It would be economically irresponsible, if the Chancellor were to increase fuel duty in the March Budget, says the Freight Transport Association (FTA) in response to a leading think tank report published yesterday.
According to the Institute for Fiscal Studies (IFS) annual ‘green budget’, George Osborne, may be forced to raise prices at the petrol pumps to meet his election pledge to eliminate the deficit of £3 billion in the country’s finances.
FTA has said that such a move would hinder the still fragile recovery and further weaken confidence, adding that it is now time for further reductions in fuel duty to keep the economy growing.
James Hookham, FTA’s Deputy Chief Executive, said: “Regardless of the price of oil, for every penny fuel duty goes up it costs truck and van operators around a £100 million in a full year. It won’t make them drive any less – goods still need to move to where they are needed – and it won’t help them invest in making their vehicles and drivers even more efficient. It will just cost them a lot of money.”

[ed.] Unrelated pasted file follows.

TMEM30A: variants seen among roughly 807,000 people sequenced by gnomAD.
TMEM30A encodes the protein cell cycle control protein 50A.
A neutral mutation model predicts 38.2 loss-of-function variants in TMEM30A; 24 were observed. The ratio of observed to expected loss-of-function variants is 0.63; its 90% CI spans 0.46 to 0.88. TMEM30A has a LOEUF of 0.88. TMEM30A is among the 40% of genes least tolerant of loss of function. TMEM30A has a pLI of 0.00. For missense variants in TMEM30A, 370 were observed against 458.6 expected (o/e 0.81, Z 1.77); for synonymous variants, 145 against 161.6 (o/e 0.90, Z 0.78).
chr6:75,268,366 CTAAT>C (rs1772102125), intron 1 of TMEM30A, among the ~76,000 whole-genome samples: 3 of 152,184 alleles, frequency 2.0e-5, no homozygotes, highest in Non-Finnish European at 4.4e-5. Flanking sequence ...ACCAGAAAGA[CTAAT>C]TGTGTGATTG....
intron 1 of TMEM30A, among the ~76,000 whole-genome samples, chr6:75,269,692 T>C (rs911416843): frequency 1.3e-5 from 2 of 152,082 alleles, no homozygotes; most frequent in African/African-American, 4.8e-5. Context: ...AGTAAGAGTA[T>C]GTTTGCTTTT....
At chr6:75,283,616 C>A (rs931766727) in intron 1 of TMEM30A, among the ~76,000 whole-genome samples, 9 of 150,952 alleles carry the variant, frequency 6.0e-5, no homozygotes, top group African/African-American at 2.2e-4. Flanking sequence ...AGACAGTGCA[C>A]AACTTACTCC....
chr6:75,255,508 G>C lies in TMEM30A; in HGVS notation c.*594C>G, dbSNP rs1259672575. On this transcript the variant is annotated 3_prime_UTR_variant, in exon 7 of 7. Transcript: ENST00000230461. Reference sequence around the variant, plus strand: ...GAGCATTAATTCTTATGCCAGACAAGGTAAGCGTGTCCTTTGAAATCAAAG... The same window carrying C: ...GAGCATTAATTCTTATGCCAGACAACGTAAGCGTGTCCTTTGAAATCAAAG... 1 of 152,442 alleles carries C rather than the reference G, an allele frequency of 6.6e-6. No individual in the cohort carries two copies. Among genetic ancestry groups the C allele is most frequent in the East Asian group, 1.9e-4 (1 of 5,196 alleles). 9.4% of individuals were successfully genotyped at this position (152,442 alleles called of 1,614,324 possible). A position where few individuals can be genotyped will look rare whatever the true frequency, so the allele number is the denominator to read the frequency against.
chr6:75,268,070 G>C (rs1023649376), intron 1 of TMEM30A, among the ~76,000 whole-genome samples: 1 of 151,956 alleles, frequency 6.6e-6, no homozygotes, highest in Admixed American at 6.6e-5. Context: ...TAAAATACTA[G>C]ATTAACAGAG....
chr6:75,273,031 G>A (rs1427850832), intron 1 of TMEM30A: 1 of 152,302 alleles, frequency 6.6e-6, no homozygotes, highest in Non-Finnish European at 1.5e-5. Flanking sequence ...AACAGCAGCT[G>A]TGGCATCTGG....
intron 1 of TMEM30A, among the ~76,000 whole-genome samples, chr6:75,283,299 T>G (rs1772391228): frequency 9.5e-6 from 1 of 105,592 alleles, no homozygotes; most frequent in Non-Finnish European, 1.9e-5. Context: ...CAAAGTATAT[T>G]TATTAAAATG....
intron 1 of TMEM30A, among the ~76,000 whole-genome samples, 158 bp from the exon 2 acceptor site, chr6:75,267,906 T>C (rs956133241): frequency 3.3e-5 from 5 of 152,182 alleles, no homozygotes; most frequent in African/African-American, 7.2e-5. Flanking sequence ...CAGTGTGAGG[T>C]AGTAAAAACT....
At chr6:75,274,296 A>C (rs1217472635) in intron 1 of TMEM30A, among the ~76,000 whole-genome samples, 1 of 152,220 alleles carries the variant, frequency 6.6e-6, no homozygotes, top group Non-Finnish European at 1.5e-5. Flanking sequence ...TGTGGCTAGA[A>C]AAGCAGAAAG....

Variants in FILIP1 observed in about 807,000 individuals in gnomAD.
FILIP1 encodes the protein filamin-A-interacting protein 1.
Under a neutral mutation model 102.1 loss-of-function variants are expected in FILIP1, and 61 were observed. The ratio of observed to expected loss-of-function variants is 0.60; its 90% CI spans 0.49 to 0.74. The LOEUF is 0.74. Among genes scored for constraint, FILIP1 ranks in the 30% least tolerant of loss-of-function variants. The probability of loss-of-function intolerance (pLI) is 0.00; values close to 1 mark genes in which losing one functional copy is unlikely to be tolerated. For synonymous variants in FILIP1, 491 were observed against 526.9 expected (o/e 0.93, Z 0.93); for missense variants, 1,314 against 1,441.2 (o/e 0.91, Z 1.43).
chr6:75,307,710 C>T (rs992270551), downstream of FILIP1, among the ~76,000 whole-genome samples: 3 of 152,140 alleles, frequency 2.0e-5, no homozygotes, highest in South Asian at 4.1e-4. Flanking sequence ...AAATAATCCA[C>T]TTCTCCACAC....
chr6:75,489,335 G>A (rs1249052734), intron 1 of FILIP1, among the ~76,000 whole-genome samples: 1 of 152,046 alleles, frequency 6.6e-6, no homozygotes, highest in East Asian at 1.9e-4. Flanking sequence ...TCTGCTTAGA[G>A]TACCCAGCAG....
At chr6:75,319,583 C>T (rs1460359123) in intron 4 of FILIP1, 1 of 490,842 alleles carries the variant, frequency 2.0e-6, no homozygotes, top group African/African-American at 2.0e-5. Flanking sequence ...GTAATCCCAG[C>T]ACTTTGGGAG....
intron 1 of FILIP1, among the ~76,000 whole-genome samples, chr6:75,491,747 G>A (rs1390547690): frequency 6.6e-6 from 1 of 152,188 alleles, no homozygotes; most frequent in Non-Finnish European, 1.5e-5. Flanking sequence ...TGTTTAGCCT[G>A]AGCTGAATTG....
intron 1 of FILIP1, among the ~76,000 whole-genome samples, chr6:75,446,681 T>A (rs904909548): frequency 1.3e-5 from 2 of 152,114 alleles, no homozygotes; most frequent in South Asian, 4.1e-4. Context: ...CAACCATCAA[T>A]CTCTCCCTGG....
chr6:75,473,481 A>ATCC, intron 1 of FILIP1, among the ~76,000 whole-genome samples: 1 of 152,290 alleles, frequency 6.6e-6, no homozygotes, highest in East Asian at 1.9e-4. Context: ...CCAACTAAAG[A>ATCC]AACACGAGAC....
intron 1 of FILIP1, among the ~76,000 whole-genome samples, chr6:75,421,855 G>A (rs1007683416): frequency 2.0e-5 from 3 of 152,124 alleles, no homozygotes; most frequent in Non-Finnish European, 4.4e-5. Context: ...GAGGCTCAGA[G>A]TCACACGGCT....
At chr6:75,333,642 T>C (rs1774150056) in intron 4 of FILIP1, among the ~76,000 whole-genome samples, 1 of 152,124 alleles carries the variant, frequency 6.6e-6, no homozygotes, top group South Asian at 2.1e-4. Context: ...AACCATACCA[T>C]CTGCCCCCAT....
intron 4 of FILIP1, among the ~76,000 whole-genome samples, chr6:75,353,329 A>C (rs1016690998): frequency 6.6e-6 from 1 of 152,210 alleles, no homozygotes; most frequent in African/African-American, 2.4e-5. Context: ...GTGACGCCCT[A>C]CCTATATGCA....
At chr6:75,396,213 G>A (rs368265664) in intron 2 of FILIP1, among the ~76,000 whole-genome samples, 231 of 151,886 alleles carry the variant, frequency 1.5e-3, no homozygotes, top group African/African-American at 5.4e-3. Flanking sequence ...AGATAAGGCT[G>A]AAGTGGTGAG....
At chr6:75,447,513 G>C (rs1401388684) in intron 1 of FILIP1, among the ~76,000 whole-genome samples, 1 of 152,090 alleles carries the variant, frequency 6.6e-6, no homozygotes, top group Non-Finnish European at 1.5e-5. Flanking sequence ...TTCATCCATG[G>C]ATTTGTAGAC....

The freezing of fuel duty rates at 2011 levels has meant that FTA members reliant on commercial trucks and vans have been spared the economically stifling effects of a tax on a commodity they have no option but to buy. Instead, they have been left with cash in their trading accounts to spend on hiring more staff or purchasing other goods, all of which have served to drive the UK economy out of recession at one of the fastest growth rates in the developed world.
Mr Hookham added: “All this additional spending has actually generated more income tax and VAT, so fuel duty freezes are never as costly as the headline figures suggest. The Treasury even published a paper in 2014 that proved this.”
The FTA message to the Chancellor is that whilst most of his announcements on Budget day will be buried in the small print of countless Treasury documents, the impact of his decisions on fuel duty will be displayed in numbers several feet high at the front of every filling station in the country.